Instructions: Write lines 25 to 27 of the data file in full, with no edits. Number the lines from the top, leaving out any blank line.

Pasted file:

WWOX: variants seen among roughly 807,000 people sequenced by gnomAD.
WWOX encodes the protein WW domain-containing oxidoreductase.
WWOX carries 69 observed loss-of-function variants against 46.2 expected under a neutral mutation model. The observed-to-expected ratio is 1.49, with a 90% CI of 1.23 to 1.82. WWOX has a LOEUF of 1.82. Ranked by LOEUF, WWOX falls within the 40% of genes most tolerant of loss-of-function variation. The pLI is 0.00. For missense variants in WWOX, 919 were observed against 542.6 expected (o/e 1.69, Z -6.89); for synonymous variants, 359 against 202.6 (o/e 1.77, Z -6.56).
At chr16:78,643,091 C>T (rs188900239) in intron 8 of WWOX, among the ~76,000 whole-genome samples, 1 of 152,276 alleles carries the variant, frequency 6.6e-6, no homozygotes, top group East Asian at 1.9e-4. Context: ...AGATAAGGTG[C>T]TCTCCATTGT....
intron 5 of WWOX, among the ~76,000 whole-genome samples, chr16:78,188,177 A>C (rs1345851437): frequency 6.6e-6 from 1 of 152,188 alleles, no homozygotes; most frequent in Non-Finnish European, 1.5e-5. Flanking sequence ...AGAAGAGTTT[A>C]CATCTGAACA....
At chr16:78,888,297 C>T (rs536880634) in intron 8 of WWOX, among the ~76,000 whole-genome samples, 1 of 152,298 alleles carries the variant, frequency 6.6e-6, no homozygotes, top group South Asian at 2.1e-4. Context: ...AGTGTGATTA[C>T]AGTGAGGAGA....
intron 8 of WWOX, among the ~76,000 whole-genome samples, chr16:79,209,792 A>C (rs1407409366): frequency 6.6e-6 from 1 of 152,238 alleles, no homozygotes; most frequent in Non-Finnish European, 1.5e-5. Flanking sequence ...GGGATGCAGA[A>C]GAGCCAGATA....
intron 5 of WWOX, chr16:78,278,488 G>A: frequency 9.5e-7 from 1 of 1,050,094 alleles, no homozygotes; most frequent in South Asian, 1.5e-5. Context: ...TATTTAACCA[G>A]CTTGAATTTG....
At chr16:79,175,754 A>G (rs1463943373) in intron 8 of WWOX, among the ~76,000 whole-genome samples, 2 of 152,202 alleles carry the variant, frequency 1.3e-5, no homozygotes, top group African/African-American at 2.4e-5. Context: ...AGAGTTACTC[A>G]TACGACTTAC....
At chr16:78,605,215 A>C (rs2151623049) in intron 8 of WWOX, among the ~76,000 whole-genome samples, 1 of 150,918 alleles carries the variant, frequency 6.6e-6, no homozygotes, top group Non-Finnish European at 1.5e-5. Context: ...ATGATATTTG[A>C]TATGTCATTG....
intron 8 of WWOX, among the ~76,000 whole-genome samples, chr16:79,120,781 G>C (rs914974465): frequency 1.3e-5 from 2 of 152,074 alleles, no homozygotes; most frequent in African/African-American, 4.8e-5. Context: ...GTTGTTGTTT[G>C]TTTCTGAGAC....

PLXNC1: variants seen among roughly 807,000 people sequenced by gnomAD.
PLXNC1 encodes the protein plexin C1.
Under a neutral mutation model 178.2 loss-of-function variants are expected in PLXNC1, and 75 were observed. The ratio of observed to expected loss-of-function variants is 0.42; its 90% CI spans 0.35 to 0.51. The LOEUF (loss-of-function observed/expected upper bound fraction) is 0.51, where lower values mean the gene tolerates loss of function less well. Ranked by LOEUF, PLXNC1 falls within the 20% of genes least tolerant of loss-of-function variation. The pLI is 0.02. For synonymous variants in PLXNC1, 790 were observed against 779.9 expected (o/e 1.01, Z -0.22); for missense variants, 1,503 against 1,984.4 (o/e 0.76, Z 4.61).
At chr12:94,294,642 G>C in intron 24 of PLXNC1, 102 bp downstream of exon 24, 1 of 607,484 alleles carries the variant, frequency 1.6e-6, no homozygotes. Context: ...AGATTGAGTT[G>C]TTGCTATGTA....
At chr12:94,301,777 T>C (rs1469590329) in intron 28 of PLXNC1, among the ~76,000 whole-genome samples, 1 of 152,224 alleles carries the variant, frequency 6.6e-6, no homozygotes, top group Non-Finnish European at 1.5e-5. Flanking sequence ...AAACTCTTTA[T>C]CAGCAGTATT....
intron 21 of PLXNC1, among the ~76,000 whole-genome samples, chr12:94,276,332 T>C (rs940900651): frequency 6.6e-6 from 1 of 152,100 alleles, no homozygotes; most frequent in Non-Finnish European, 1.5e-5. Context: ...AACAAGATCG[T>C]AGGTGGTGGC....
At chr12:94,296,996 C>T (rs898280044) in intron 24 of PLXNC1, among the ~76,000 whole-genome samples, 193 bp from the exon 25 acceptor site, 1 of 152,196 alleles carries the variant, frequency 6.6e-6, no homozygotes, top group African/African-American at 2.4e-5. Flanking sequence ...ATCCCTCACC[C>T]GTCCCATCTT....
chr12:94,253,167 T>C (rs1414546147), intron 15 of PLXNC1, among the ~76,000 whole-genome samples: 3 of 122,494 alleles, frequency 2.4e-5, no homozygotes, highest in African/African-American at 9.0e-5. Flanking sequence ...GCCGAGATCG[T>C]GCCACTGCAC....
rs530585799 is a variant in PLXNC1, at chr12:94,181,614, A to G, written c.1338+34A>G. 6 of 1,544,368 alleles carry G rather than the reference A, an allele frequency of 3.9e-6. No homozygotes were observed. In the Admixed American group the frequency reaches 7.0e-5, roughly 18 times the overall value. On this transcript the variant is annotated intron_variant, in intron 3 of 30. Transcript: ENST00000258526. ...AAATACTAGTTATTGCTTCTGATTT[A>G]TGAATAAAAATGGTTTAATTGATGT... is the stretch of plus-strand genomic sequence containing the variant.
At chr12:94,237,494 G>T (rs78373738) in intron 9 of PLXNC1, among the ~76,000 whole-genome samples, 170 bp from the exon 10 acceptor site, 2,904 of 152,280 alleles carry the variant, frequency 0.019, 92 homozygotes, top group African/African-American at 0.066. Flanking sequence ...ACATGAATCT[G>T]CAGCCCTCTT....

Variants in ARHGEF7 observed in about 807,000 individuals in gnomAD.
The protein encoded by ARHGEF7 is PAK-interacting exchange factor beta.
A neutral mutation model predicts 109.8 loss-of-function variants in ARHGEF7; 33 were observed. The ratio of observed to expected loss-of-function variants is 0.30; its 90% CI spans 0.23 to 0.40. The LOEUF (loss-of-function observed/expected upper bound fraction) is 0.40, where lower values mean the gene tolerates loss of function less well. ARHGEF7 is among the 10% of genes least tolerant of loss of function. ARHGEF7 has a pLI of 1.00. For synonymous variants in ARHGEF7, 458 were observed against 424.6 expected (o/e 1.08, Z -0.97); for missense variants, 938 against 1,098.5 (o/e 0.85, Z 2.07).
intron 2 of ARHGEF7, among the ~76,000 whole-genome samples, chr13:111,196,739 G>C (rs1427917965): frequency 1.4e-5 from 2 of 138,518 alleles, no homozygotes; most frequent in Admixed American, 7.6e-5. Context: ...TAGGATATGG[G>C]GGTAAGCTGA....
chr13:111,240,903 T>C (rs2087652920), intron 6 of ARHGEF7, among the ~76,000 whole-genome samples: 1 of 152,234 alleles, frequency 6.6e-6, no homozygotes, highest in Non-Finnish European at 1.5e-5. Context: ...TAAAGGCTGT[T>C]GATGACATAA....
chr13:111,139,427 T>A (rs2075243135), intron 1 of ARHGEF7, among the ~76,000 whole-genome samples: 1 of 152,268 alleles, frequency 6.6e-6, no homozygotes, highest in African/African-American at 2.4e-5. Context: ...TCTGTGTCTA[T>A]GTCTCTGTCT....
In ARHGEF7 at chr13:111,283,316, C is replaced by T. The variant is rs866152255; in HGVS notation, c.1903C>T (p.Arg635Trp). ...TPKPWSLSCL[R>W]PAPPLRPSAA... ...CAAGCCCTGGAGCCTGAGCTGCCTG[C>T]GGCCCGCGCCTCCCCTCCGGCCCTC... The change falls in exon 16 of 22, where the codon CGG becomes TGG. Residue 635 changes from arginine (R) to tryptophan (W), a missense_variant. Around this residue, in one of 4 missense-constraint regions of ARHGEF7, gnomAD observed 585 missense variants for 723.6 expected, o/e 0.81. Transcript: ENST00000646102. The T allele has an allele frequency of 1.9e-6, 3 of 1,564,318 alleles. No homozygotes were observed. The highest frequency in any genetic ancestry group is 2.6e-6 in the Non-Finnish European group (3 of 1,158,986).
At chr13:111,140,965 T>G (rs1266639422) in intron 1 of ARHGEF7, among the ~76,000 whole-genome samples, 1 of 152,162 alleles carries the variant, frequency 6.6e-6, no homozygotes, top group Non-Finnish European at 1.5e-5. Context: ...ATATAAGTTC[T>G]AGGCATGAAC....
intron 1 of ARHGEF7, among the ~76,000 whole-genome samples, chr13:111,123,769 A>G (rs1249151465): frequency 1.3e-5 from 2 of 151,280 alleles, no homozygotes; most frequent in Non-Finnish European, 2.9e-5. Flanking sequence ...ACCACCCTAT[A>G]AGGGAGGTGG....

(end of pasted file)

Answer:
intron 2 of ARHGEF7, among the ~76,000 whole-genome samples, chr13:111,196,739 G>C (rs1427917965): frequency 1.4e-5 from 2 of 138,518 alleles, no homozygotes; most frequent in Admixed American, 7.6e-5. Context: ...TAGGATATGG[G>C]GGTAAGCTGA....
chr13:111,240,903 T>C (rs2087652920), intron 6 of ARHGEF7, among the ~76,000 whole-genome samples: 1 of 152,234 alleles, frequency 6.6e-6, no homozygotes, highest in Non-Finnish European at 1.5e-5. Context: ...TAAAGGCTGT[T>C]GATGACATAA....
chr13:111,139,427 T>A (rs2075243135), intron 1 of ARHGEF7, among the ~76,000 whole-genome samples: 1 of 152,268 alleles, frequency 6.6e-6, no homozygotes, highest in African/African-American at 2.4e-5. Context: ...TCTGTGTCTA[T>A]GTCTCTGTCT....